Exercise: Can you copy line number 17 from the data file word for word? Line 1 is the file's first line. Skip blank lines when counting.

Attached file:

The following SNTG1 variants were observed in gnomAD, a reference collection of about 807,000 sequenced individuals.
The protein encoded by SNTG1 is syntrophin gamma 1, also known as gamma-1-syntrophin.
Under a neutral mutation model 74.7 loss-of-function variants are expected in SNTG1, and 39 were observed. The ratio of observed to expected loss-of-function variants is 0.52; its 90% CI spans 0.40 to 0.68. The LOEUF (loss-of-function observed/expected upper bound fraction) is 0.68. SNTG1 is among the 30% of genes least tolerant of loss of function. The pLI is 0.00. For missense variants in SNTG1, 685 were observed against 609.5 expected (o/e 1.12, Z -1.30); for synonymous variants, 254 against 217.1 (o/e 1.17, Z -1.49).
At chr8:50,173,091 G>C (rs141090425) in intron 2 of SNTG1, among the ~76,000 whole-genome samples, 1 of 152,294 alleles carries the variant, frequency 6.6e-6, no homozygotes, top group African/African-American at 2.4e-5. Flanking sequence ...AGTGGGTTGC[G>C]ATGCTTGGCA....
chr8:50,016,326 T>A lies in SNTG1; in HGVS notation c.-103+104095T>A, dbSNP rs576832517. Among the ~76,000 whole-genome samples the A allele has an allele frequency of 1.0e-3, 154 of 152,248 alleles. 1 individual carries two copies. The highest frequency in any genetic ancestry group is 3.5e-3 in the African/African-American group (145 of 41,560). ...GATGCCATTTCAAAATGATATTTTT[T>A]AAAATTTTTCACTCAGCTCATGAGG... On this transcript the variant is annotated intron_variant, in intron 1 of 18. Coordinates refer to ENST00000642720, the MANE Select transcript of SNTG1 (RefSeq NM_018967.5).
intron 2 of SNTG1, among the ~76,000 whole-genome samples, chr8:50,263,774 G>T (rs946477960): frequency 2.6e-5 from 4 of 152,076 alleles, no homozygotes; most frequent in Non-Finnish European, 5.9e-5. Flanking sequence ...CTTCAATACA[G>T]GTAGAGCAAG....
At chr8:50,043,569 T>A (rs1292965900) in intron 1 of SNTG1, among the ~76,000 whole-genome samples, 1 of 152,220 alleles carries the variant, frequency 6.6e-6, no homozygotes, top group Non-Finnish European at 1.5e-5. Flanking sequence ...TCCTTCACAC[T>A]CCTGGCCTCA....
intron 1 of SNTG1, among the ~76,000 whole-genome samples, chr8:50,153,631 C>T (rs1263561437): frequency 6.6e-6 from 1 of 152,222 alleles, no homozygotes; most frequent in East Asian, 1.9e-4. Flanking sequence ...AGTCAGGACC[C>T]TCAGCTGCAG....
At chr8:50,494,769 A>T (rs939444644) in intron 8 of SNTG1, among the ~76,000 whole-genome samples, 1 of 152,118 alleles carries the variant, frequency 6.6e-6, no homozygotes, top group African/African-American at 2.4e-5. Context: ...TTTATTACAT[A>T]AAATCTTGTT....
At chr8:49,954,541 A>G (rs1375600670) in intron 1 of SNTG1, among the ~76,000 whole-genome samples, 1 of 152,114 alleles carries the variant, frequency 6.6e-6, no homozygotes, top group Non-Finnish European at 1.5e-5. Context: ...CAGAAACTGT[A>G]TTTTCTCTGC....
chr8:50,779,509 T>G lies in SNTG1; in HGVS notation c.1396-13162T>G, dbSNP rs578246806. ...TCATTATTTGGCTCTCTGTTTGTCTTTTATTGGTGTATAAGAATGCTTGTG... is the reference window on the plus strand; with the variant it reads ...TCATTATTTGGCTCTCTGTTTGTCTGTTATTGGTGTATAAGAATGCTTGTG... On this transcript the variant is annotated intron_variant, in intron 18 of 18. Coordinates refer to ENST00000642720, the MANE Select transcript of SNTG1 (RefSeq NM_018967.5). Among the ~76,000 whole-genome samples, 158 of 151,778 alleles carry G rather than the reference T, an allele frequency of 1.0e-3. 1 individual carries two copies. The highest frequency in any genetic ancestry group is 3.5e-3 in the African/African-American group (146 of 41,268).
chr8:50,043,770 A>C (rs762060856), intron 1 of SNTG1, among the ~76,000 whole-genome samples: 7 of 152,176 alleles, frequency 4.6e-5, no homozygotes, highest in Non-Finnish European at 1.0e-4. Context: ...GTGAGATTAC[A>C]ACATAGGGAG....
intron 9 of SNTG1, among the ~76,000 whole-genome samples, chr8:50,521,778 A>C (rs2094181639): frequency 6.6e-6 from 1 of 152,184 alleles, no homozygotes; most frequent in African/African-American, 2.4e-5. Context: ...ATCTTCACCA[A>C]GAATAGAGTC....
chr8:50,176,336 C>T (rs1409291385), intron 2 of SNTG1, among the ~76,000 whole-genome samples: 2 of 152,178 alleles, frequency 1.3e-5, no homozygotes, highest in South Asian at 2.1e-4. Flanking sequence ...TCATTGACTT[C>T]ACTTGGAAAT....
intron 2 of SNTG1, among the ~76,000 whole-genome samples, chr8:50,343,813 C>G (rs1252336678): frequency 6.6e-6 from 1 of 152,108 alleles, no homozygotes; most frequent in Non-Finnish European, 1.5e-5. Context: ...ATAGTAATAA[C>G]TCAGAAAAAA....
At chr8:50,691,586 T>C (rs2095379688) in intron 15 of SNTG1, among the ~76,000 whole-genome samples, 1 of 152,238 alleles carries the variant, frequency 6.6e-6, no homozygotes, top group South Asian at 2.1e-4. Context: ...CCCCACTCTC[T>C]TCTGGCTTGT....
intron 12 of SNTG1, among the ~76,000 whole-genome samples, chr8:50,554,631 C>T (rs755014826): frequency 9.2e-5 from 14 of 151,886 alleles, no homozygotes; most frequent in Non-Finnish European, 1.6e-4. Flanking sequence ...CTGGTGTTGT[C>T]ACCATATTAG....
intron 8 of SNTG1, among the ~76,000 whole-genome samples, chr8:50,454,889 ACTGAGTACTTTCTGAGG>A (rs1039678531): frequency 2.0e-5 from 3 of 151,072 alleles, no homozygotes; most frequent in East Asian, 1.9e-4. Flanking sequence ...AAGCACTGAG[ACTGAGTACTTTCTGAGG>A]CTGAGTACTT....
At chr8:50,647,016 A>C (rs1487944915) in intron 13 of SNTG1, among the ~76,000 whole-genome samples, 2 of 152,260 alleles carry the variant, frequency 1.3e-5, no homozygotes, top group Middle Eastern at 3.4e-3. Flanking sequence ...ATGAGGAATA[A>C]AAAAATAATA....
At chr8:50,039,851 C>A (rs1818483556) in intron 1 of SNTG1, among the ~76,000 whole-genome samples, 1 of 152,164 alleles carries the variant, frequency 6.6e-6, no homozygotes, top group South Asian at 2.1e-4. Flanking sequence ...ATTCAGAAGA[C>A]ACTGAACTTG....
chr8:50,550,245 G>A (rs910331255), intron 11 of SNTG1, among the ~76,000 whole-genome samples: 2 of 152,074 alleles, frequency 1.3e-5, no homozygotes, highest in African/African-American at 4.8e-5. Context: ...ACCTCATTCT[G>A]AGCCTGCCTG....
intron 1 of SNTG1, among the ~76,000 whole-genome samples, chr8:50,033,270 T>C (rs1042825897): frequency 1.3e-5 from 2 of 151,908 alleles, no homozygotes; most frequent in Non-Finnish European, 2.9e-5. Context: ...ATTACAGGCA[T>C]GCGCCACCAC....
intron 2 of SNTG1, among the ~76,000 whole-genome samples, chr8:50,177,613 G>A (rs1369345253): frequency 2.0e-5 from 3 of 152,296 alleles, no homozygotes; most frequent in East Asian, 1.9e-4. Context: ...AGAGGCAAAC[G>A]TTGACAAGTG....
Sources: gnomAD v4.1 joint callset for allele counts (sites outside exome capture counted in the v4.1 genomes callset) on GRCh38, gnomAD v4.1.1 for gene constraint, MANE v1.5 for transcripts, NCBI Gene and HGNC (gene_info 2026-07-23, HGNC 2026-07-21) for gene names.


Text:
intron 12 of SNTG1, among the ~76,000 whole-genome samples, chr8:50,554,631 C>T (rs755014826): frequency 9.2e-5 from 14 of 151,886 alleles, no homozygotes; most frequent in Non-Finnish European, 1.6e-4. Flanking sequence ...CTGGTGTTGT[C>T]ACCATATTAG....